German Catholic bishops made headlines recently, in calling for the establishment of Catholic blessings for “same-sex unions.” Bishop Franz-Josef Bode of Osnabruck recently said in an interview,
“I’m concerned with fundamental questions of how we deal with each other; although ‘marriage for all’ differs clearly from the Church’s concept of marriage, it’s now a political reality. We have to ask ourselves how we’re encountering those who form such relationships and are also involved in the church, how we’re accompanying them pastorally and liturgically… Same-sex relationships are generally classified as a grave sin in the Church, but we need to think how we can differentiate a relationship between two people of the same sex. Is there not so much that is positive, good, and right that we have to be fairer? For example, one can think about a blessing – which should not be confused with a wedding ceremony.”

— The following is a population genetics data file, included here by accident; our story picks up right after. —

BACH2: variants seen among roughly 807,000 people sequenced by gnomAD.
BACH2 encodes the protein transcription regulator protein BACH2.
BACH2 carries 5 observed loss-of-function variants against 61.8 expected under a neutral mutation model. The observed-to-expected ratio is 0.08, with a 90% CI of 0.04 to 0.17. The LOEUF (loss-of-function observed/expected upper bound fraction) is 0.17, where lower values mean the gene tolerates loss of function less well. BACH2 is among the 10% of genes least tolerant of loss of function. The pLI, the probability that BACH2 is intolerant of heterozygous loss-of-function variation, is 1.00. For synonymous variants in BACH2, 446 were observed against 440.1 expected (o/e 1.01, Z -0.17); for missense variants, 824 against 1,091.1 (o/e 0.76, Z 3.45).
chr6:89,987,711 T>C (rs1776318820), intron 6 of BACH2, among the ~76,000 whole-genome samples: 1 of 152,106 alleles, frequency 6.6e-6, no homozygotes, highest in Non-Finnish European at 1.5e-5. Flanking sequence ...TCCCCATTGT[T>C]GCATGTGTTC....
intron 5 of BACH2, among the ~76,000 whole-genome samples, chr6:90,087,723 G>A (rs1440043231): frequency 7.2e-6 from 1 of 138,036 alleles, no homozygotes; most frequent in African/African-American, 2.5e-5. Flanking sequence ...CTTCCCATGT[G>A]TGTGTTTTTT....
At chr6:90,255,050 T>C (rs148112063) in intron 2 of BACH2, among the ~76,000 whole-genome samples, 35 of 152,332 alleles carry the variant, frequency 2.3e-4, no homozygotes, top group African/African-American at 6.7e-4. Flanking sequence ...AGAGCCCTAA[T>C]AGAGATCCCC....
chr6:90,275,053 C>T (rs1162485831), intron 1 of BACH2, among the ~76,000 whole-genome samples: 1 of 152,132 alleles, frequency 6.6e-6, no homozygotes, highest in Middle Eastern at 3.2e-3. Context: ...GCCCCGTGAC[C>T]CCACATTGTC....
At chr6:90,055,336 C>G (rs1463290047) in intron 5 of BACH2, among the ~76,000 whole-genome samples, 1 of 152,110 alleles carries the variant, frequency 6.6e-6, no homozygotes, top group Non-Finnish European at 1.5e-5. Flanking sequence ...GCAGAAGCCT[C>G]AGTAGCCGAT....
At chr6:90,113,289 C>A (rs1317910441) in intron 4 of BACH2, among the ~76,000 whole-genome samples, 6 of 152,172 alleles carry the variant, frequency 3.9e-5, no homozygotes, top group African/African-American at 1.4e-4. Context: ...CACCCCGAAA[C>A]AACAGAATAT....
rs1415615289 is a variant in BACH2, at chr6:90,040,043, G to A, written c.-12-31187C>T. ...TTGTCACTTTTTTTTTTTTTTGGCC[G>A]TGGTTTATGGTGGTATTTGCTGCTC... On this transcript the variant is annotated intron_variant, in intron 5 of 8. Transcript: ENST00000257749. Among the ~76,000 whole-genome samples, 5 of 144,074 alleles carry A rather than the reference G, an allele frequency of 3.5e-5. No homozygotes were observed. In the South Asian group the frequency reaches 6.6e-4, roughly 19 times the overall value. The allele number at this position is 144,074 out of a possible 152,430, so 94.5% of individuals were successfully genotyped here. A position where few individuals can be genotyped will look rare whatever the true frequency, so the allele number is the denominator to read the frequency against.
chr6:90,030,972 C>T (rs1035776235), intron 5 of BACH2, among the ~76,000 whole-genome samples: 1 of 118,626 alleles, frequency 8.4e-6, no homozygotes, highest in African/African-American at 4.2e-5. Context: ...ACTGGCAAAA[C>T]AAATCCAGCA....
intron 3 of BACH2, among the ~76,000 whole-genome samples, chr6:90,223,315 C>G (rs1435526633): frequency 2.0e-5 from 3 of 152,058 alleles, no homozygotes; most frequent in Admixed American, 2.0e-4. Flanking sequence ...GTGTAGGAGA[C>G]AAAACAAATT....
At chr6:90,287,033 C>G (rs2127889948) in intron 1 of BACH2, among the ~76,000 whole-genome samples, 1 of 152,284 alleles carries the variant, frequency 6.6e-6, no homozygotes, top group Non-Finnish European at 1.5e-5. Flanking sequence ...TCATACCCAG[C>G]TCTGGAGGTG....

Bishop Bode kept his remarks on this topic brief, but several American news outlets have picked up the story. Some have praised his comments, and others have condemned them (you can easily guess which publications took which stance…). One area of concern from some critics is his ambiguity as to whether such couples would be expected to live by–or at least attempt in good faith to live by–Church teaching. Of course, in classic German bishop shadiness, Bishop Bode did not attempt an answer this question. To be fair, he may answer this question at a later time, and an interview is not the place to give a theological discourse. Nonetheless, this question is important for Catholics looking to consider these questions, not only at a pastoral level (the level at which he made his comments), but also at a theological level. Continue reading “The Blessing of “Same-Sex Unions””